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Posts Tagged ‘J.J. Abrams’


I remember sitting in the movie theater when I was 13, watching the trailer: “In space no one can hear you scream.” What a line! I had to see that movie. A legendary series that saved the movie studio was born. Ripley was the heroine, a strong woman in a world of men fighting the perfect killing machine. But she wasn’t just fighting the Alien, she was fighting “the company” who mysteriously knew about this creature and wanted to use it for military purposes.

Though the first two movies were very different (Ridley Scott’s was a suspenseful horror film that slowly turned up the tension while James Cameron directed a non-stop action movie) but both were successful. The two that followed lacked a strong hand at the helm. The third, suffering from numerous re-writes and directorial changes. Its confusing vision resulted in the worst David Fincher movie every. One thing it did reveal was that the Alien borrowed some DNA from its host during incubation. The series, like the original Jurassic Park, struggled with the tendency to separate science from ethics. The pursuit of how or if blinded humanity to whether it should be done.

There was really no where for the franchise to go after Alien Resurrection, unless you wanted Earth to become extinct. Enter Ridley Scott and the decision to go back instead of forward.

He began with Prometheus whose main characters were Dr. Elizabeth Shaw and a synthetic named David. The rather convoluted story with a proto-Alien involves an alien race first seeding (panspermia) planets and then destroying the life they produced. Scott, who is reputed to be an atheist, avoids many who resist creation with this ridiculous premise. Dan Brown’s novel Deception Point floats the same theory. The problem is, where did the aliens come from? So you may explain life on Earth, but not LIFE. The movie ends with Shaw (another strong female lead) and David flying off in our “creators'” space ship with a payload of the virus intended to destroy life on Earth.

Alien: Covenant begins with Weyland and the newly created David prior to the trip on the Prometheus. David is nearly human, reflecting his creator in a reflection of Adam’s creation by God in His image. We see glimpses of David’s arrogance after he plays Wagner’s Entry of the Gods into Valhalla. He wants to throw off his creator’s shackles.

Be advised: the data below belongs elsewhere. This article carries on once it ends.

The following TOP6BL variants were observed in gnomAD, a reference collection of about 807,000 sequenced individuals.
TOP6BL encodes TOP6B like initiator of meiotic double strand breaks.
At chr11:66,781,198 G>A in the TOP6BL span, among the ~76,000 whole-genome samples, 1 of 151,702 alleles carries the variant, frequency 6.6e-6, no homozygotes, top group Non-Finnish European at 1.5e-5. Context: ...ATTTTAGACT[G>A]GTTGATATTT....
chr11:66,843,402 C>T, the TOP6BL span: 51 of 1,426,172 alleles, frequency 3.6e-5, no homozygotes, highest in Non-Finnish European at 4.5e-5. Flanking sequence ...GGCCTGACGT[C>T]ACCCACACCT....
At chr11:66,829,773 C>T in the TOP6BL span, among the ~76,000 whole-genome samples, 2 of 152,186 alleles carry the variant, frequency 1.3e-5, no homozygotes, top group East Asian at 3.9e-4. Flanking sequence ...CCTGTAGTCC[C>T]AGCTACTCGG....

The location shifts to the future, post-Prometheus, on the ship Covenant. It is headed to a far off planet to colonize it. During a recharging stop, an accident occurs which wakes up the ship’s crew and loss of life including the captain. Most of the 200 colonists are safe in cyro-sleep. and the 1,000+ embryos are safe as well. We are introduced to the new captain (a Christian or person of similar faith) as well as the original captain’s surviving wife. The captain is dogmatic in his orders, fearing they, like the company, won’t respect a man of faith. If there is a mistake to be made, this man will make it over the course of the movie. The grieving widow? She is the strong female lead similar to Ripley and Shaw. There is a new synthetic, named Walter, who looks like David and is also played by Michael Fassbender. Improvements have been made we learn by depriving him of David’s creativity.

While outside the ship performing repairs one of the crew is outside the communications’ buffer and receives a transmission. They soon discover it is a human being singing Country Roads by John Denver. Tracking the transmission they discover a closer planet that seems even more suitable for human life. With a crew afraid of cyro-sleep the captain decides to investigate, and so the fun begins.

There are a number of twists and turns in the film as we discover the ship that once carried Shaw and David, and a new way to “catch” the alien virus. So there is some novelty in the midst of the familiar. Now stranded on the planet, they are rescued by David and slowly discover what David has been doing since being stranded on this planet. Like man, he is a creation turned destructive seeking to destroy his creator. Apparently everyone hates humans in Scott’s universe. We discover that David has turned the virus which produced proto-aliens into the form of alien we see in the original films. We also see the Captain who fails to destroy David after his collusion with one of the proto-aliens, fall for the trap David sets for him so the alien we are all familiar with finally appears.